Trump Frustrated by Perception of Iran Strategy

Sergio Conner
May 18, 2019

An interesting choice for voters who otherwise dislike Trump's foreign policy.

Behold these remarkable paragraphs in the "New York Times", which will seem chillingly familiar to anyone who paid close attention to the run-up to Iraq: "Intelligence and military officials in Europe as well as in the United States said that over the past year, most aggressive moves have originated not in Tehran, but in Washington - where John R Bolton, the national security adviser, has prodded President Trump into backing Iran into a corner".

No new intelligence on Iran's activities was presented at the meeting, according to a person in the room. National Security Adviser Bolton prefers war, but he has lost that debate on North Korea and Venezuela... "Bolton's doing a great job".

His job should be in trouble, if only because his view of interventionism is terribly mismatched with Trump's.

"We exercise maximum restraint", he said, despite the Trump administration's unilateral move a year ago to withdraw from the worldwide agreement on Iran's nuclear program. The post-9/11 GOP is thick with hawks.

Iranian mullahs clinging to power by playing the nationalist card with America as the enemy is an old story, not a new one.

Iran dismissed any suggestion of a dialogue with Trump. US intelligence showed heightened activity by Iran or its proxies that USA officials took as a threat against American targets in the region.

British Army Maj. Gen. Christopher Ghika, a key commander of the multinational force deployed to Iraq and Syria, refuted the US allegations, saying, "There's been no increased threat from Iranian-backed forces in Iraq and Syria". Either way, the British government is backing the intelligence up.

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Zarif also said Tehran was showing "maximum restraint" despite the US withdrawal from the deal and accused Washington of an "unacceptable" escalation of the crisis.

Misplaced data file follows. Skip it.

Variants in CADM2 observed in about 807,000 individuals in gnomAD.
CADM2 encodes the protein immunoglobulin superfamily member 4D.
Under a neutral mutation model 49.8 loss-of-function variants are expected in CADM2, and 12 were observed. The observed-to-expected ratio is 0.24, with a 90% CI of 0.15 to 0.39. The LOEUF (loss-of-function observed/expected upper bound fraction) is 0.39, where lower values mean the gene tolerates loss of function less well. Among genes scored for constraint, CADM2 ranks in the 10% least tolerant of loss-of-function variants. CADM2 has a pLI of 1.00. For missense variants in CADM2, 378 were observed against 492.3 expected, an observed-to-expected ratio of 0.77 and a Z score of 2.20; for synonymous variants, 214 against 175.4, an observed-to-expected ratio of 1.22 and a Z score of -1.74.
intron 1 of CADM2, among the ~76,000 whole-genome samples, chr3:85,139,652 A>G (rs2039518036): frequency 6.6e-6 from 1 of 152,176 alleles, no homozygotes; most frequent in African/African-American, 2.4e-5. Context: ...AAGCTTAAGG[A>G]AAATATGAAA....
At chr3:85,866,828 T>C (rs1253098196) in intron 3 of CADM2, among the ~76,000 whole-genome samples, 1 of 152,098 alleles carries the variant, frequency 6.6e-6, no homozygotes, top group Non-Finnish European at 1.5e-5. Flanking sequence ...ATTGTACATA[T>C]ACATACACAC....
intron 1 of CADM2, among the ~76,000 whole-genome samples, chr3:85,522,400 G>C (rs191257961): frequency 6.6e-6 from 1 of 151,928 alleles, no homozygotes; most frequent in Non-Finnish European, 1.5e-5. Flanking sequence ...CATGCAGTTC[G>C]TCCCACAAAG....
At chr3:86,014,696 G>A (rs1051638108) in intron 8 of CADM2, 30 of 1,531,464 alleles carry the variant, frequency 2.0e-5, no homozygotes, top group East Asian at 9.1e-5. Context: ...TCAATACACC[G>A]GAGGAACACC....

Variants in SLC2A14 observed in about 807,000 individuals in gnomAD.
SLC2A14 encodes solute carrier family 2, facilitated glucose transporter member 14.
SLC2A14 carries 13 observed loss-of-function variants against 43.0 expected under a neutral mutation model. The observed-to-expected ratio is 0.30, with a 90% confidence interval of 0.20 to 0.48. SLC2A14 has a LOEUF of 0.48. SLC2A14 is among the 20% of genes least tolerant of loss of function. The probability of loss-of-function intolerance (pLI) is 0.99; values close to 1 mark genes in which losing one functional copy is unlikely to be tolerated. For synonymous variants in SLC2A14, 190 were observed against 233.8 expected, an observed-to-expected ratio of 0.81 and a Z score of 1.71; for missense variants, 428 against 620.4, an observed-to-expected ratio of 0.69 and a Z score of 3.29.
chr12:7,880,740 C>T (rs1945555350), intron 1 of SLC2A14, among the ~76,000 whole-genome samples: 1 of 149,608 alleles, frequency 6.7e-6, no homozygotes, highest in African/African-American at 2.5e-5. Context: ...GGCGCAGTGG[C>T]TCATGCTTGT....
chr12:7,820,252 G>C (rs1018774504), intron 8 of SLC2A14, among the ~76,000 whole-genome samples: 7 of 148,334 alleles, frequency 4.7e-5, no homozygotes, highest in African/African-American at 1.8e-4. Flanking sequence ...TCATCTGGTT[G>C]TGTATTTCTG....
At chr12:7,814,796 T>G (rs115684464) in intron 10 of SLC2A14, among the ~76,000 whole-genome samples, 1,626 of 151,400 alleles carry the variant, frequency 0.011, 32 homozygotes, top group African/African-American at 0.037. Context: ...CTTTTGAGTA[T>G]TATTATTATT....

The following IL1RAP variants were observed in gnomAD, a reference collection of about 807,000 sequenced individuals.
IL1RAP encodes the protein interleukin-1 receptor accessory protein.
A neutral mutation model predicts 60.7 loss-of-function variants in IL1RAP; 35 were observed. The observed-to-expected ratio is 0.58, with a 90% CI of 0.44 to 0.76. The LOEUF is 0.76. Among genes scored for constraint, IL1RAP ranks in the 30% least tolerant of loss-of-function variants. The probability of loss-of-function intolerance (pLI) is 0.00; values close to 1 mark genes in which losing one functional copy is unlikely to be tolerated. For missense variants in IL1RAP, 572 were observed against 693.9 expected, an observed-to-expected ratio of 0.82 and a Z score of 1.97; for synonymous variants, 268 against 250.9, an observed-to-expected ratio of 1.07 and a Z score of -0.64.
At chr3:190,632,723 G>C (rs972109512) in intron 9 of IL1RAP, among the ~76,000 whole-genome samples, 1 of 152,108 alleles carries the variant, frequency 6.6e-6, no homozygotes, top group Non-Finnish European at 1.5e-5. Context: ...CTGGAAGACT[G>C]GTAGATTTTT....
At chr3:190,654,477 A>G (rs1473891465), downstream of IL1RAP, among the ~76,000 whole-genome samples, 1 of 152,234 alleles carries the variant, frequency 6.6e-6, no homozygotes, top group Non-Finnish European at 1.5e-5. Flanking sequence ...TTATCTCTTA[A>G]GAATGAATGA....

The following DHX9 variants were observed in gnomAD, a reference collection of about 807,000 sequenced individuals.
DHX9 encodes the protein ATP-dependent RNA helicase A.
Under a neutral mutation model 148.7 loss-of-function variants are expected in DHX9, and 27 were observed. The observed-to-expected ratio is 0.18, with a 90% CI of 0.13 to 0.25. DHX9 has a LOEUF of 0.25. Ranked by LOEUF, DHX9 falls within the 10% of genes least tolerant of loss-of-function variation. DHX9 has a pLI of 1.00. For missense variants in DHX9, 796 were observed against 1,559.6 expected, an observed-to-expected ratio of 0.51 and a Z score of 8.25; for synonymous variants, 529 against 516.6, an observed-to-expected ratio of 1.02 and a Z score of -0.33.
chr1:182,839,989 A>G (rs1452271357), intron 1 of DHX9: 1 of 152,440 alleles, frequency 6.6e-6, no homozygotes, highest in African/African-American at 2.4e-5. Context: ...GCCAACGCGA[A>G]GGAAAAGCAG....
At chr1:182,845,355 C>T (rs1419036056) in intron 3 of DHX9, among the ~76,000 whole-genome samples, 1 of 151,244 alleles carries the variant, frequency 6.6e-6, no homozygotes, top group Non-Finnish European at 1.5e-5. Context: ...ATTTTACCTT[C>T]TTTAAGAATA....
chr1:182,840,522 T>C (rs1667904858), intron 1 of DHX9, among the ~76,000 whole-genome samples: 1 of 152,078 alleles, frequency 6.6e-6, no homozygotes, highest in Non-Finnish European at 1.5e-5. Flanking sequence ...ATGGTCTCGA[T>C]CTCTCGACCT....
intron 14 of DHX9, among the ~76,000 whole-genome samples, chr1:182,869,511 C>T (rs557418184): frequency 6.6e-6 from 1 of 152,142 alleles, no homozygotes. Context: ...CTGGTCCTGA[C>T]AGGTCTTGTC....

He pointed to Trump's partial military withdrawal from Syria as evidence that Trump is eager to avoid a war despite this week's escalation.

US-Iranian tensions have escalated in recent days, bringing increasing concerns about possible conflict.

"Your administration, however, is making assertions that are at odds with these findings", the letter reads, citing Pompeo's casting of Iran as engaging in "nuclear blackmail" and a new State Department report on worldwide arms control compliance that hinted Iran was not in compliance with obligations on nonproliferation. Or maybe he's just annoyed with all the war chatter lately insofar as it implies that his hawkish NSA, not the president, is calling the shots here. Trump said in a tweet.

Now, whispering into the ear of Trump, who received five draft deferments during Vietnam, including one in the spring of 1968 for "bone spurs", John Bolton, along with Trump, is willing to send 120,000 or more USA troops into war.

The curbs under the nuclear deal were aimed at extending the time Iran would need to produce a nuclear bomb, if it chose to, to a year from roughly 2-3 months. First come the threats, then come the sanctions, then comes an unlikely diplomatic breakthrough in which the formerly belligerent enemy regime sits down at the bargaining table with President Deals for a charm offensive.

Iranian Foreign Minister Mohammad Javad Zarif said Thursday that "the escalation by the United States is unacceptable and uncomfortable", and that despite the USA withdrawal from the nuclear deal, Iran is exercising "maximum restraint". It also follows a the State Department earlier this week ordering all non-emergency government employees to leave the U.S. Embassy in Baghdad and U.S. Consulate in Erbil amid tensions with Iran. But how can it happen?

Mohammad Marandi, professor of English literature at Tehran University, said Iran is unlikely to enter into fresh negotiations with the U.S. on its nuclear programme as it does not trust the US.

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